10. ^ Joanna Newsom: "Don't Call Her A Prodigy. Or Maybe Do", West Coast Performer via archive.org, September 2003.
  11. ^ a b "Under the Radar". Web.archive.org. October 13, 2007. Archived from the original on October 13, 2007. Retrieved 2010-11-07. 
  12. ^ Harmanci, Reyhan. "Playing By The Bookings". San Francisco Chronicle via sfgate.com, May 29, 2005.
  13. ^ Profile, TheWire.co.uk (2004).
  14. ^ "Joanna Newsom – Green Man Festival". greenman.net. Retrieved September 29, 2014. 
  15. ^ Davis, Erik (2006). ""Nearer the Heart of Things": Erik Davis profiles JOANNA NEWSOM". Arthur (25). Retrieved September 29, 2014. 
  16. ^ Pearse, Emma. "The Mysterious Diva of Folk Music". nymag.com. Retrieved September 29, 2014. 
  17. ^ Woolf, Devin (March 31, 2009). "Joanna Newsom Debuts New Record at Surprise Fernwood Show in Big Sur". Naturalismo. Retrieved December 5, 2016. 
  18. ^ Sauma, Luiza (January 23, 2007). "Joanna Newsom, Barbican, London". The Independent. Retrieved 2009-10-09.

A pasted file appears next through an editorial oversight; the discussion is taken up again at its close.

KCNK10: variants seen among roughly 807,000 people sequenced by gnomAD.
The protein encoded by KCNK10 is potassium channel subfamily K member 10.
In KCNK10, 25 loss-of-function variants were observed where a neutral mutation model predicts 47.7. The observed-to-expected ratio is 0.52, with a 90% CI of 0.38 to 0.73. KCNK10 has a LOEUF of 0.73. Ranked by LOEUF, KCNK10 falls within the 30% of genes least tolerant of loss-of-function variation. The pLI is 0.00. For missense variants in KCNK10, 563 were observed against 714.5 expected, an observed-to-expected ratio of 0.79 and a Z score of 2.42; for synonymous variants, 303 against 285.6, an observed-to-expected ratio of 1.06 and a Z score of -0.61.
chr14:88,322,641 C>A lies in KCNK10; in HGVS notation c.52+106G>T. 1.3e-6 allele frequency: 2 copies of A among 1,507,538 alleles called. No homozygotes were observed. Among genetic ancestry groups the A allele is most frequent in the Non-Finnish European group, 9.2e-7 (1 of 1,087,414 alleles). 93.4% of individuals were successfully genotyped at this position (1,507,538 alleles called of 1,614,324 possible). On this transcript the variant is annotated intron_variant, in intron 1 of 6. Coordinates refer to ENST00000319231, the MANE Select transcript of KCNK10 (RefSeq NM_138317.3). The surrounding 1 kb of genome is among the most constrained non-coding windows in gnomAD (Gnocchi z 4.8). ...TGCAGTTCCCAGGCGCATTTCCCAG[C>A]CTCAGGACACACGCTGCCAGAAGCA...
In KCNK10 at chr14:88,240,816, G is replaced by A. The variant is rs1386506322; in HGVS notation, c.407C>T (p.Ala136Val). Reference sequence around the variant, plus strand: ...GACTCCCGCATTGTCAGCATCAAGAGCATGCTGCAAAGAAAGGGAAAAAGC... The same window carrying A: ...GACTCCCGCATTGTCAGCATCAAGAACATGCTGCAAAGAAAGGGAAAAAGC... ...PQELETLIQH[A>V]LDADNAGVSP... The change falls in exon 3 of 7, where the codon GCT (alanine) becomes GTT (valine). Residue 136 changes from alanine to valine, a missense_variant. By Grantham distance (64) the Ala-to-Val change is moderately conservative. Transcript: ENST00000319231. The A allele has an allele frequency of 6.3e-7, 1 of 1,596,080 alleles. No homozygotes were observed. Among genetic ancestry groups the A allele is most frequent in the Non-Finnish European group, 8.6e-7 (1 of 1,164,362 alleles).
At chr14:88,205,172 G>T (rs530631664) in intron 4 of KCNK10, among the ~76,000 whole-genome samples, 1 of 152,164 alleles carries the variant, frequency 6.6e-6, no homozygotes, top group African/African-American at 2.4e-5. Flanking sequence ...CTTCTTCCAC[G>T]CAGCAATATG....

19. ^ "M. Ward – "Sadie" live". YouTube. September 7, 2006. Retrieved 2010-11-07. 
  20. ^ Daniel Kreps. "MGMT Cast Joanna Newsom, Kid, Monsters in "Kids" Video: Rolling Stone: Rock and Roll Daily". Rolling Stone. Retrieved 2009-10-09. 
  21. ^ Rosen, Jody (March 7, 2010). "Joanna Newsom, The Changeling". Article. The New York Times. Retrieved October 5, 2012. 
  22. ^ "@!?*(%$#!!". Dragcity.com. January 12, 2010. Retrieved 2010-11-07. 
  23. ^ "Joanna Newsom". Metropolis Magazine. February 9, 2010. Retrieved 2010-02-09. 
  24. ^ "Joanna Newsom Gets Her Own Scholarly Tribute Book". Pitchfork. February 11, 2010. Retrieved 2010-11-07. 
  25. ^ Profile, VersionsofJoanna.com; accessed December 5, 2016.
  26. ^ "Joanna Newsom – What We Have Known – Drag City". dragcity.com.